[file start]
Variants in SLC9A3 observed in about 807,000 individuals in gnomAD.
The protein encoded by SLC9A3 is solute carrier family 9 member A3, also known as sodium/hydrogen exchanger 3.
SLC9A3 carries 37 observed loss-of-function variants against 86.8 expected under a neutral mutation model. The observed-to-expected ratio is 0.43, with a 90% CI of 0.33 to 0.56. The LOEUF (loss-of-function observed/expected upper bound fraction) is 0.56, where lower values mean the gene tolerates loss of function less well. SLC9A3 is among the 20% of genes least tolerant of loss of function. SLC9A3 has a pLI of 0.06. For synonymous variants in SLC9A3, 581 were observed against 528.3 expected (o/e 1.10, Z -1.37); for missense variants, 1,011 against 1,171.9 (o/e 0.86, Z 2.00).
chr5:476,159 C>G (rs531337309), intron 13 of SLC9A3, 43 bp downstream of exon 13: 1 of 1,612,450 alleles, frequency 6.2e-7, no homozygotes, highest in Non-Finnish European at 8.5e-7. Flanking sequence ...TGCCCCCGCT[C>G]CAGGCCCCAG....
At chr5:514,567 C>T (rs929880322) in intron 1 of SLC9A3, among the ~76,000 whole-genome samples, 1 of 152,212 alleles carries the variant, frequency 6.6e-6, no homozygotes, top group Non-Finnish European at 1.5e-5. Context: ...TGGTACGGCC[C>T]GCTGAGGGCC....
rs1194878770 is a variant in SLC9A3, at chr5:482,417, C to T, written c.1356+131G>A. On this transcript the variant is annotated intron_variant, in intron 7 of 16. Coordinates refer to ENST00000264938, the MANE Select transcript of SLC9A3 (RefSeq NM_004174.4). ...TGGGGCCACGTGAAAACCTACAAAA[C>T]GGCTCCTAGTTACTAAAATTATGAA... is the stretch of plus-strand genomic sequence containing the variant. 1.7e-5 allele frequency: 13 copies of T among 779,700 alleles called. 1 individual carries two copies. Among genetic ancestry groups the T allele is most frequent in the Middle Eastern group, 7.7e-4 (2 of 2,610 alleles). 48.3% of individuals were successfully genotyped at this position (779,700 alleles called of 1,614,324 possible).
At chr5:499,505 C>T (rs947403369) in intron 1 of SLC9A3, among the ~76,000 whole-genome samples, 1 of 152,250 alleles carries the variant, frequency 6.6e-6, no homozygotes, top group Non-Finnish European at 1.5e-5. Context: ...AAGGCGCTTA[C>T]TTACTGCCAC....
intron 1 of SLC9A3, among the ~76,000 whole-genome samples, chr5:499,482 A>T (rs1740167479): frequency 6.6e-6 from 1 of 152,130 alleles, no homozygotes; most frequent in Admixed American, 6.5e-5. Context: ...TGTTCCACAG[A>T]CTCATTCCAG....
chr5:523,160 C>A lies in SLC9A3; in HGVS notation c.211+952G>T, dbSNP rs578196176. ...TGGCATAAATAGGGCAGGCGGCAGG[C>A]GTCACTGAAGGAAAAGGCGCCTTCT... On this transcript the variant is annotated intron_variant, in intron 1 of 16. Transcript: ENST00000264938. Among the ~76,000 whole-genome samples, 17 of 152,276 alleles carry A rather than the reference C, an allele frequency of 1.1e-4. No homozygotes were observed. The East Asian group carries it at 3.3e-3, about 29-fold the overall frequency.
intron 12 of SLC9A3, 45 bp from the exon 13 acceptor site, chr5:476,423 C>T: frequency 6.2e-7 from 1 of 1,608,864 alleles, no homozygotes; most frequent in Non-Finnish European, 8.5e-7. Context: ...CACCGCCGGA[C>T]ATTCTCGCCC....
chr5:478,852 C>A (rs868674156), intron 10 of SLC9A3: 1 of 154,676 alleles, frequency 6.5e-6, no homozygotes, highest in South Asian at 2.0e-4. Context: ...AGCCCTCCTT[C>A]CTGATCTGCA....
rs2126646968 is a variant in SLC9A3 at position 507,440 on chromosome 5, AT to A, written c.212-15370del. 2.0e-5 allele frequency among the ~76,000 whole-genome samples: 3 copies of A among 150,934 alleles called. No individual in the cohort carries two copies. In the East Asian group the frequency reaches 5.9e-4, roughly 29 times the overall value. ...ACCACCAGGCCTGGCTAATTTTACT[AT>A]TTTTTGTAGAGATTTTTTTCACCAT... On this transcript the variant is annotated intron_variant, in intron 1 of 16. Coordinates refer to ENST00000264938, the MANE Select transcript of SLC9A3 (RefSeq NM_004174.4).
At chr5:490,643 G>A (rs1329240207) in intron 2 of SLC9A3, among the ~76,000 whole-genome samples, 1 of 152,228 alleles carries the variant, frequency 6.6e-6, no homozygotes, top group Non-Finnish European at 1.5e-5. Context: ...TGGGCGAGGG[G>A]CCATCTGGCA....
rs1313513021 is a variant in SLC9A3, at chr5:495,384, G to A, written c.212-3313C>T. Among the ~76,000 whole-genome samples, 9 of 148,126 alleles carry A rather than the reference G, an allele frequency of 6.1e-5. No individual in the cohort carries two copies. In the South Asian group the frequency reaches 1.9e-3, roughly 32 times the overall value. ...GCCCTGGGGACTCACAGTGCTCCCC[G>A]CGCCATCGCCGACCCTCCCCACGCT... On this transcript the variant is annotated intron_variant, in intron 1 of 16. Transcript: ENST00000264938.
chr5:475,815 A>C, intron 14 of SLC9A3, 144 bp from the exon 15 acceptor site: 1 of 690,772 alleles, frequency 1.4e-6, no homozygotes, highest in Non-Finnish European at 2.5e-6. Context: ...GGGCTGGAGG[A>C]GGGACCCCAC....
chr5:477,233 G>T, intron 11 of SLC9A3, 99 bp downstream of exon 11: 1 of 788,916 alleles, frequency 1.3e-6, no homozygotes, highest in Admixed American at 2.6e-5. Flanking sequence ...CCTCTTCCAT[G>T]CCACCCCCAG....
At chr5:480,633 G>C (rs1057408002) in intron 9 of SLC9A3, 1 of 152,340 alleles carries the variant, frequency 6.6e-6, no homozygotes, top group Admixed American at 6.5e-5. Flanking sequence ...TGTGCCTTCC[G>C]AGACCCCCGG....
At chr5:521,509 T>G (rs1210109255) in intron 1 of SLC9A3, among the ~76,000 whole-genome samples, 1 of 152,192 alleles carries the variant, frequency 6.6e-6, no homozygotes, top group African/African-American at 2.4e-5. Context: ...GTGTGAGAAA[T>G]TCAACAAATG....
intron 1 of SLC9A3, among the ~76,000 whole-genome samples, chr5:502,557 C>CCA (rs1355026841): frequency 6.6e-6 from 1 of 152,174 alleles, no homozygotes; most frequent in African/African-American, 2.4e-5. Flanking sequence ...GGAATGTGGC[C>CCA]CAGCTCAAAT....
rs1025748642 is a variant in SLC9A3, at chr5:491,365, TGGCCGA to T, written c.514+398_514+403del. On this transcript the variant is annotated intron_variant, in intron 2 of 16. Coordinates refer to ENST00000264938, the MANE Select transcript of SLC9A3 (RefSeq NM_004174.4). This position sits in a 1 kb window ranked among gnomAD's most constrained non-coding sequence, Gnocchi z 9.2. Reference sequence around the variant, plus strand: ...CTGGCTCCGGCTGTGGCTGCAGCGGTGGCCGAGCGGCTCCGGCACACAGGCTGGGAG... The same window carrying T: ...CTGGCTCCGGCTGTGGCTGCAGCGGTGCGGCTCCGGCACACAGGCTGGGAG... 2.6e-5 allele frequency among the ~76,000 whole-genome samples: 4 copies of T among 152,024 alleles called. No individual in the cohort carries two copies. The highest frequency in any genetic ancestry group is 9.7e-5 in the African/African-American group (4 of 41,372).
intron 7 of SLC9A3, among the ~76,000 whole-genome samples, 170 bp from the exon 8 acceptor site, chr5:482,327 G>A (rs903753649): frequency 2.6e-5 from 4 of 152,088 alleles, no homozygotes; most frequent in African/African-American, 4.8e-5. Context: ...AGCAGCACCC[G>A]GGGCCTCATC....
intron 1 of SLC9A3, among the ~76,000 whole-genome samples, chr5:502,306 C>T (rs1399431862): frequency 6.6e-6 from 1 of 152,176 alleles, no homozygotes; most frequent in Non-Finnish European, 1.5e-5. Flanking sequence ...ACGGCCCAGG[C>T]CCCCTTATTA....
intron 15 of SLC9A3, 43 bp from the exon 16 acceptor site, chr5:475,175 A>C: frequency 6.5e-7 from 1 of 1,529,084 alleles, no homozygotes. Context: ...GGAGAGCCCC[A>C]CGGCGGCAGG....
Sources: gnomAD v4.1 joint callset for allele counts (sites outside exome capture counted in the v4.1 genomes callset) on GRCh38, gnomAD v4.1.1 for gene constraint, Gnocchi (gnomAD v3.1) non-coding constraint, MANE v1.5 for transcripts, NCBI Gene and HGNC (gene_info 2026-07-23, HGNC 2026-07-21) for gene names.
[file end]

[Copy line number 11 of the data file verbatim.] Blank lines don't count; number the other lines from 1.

chr5:478,852 C>A (rs868674156), intron 10 of SLC9A3: 1 of 154,676 alleles, frequency 6.5e-6, no homozygotes, highest in South Asian at 2.0e-4. Context: ...AGCCCTCCTT[C>A]CTGATCTGCA....